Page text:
Internet Censorship, again.

I’ve touched on this before, and it seems worth a revisit: in a week where The Pirate Bay has been blocked by Virgin Media, and discussion of an opt-in for Internet porn has resurfaced, and people who don’t understand have made themselves look uncharacteristically foolish (via The Register), it seems worthwhile to explore a few things.

This is going to be a mix of my opinions, and technical facts. The tech I know about: I’m sysadmin for a medium-sized business: I know how web filters, DNS, and routing works. I know about tunnelling, VPNs, and proxies, but I rpomise not too go too deep into the tech.

To set out my opinions: the Internet should not be censored by ISPs or the goverment for two reasons: first of all, it’s wrong. It might be porn or copyrighted material today, but it could be your political beliefs or anything else deemed unnacceptable tomorrow.

Secondly, it doesn’t work. Technically, it doesn’t work, because techies will find a way round it by use of a VPN, SSH tunnel, or anonymous proxy. Once the techies do it, they’ll distribute knowledge or tools on how to.

It also doesn’t work on another level. How do you define porn, for example? As The Register points out, is this site porn, or is it OK because it’s educational and produced by Channel 4? If we’re talking about electronic distribution, is this little lot OK, because there’s no pictures?

What level of nudity and/or sexual activity is OK?

Children have always had access to porn: stashes of magazines, their dad’s videos, etc. People need to get a grip and do some parenting, instead of devolving things to their ISP or the government.

Moving away from porn, The Pirate Bay, it should be noted, didn’t actually host any copyrighted material, just links to filesharing of that material, which also makes it a dodgy target.

I guess what really annoys me is this: this is blaming a transport medium. I have one expectation of my ISP: I don’t want “value added content” or crappy customised search pages. I want them to route packets of data, correctly, and unfiltered, without having to opt-in. Let us not forget that in the 1950s ‘saucy postcards’ were banned (and their creator found guilty under the Obscene Publications Act…, so can we really trust a government to be our moral guardian, or perhaps we should start burning books now.

Will someone please think of the children?

6 Responses to “Internet Censorship, again.”

  1. Willenhall Lad Says:

    A good article and one I’m concerned about too. Unfortunately, we are in such as bad state in regard of politics in this country, that any “bad laws” get through because bar rioting, we have no means of opposing them. In the recent elections, we saw a turnout of 8% elect a councillor – what kind of democracy is this?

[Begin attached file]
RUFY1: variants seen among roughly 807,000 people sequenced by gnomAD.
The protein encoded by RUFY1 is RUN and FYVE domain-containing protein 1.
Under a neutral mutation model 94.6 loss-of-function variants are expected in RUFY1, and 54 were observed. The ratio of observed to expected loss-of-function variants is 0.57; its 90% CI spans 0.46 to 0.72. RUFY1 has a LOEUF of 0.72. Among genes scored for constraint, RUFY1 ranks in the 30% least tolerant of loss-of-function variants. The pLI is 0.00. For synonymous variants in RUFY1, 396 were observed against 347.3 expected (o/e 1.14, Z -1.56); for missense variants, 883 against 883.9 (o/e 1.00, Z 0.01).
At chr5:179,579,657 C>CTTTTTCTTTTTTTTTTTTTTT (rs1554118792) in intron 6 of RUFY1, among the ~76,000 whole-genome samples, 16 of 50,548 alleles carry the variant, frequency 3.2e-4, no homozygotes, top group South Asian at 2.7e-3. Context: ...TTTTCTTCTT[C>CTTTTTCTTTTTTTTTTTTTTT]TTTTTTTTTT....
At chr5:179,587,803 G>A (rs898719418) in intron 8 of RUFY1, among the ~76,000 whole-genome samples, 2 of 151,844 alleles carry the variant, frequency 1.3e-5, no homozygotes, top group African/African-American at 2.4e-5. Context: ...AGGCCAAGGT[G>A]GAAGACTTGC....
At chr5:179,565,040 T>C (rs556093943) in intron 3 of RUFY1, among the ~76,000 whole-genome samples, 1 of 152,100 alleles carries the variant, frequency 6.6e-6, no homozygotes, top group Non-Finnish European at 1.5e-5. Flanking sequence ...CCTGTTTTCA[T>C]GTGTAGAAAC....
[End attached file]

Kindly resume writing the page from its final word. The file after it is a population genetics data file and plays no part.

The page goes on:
The people who are interested in politics are the ones who have the “bright” ideas and respond the the hysterics and will do anything for a vote – and then lie. Unless we stand up and lobby, this like this will become the norm. How long them before the knock on the door for wearing a loud shirt in a built up area after 11.00 pm?

  2. species5618 Says:

    I wonder if this internet censorship attempt will be followed telling Ferrari they can’t sell cars in the UK as they are designed to exceed the speed limit, or stopping EVERY car on every motorway on the off chance they contain something illegal.
    Then there is “Primary school head vows to shop parents to social services if pupils use Facebook” (http://goo.gl/8E1It), regardless of what you think about Facebook, and personally I agree some of the content is not suitable for primary school children. Facebook term and conditions are based on US Law (and a few other countries) which protect under 13’s from having their data stored anywhere without parental consent, that law does not apply in the UK and is completely unenforceable. I don’t want to start a debate on that one, but it is another example of so called elders, not understanding the internet etc.
    Then there is the “appropriate use” of internet in schools, some ban youtube altogether (probably because they only have ONE web filter), some allow staff access and some allow open access. Yet most kids (almost 75% ) have 3G capable smart phones, so will watch youtube on the phone,
    But then I have said this before. But then many teenagers don’t get the internet either, as I have said before here (persistence of stupidity http://goo.gl/SkRm1)
    I suspect that trying to clamp down on any internet activity, but with increasing speeds, will see a resurgence of the BBS type world, using point to point VPNs instead of a network of modems.

  3. Willenhall Lad Says:

    It seems the Government is determined to proceed with this as revealed in The Queens Speech today.

  4. Willenhall Lad Says:

    However, Techweek says that some of the proposals relating to ISP Black Boxes are being dropped:

  5. Willenhall Lad Says:

    Isn’t this worrying as well:

  6. stymaster Says:

    On the flipside, isn’t the EU cookie law ridiculous?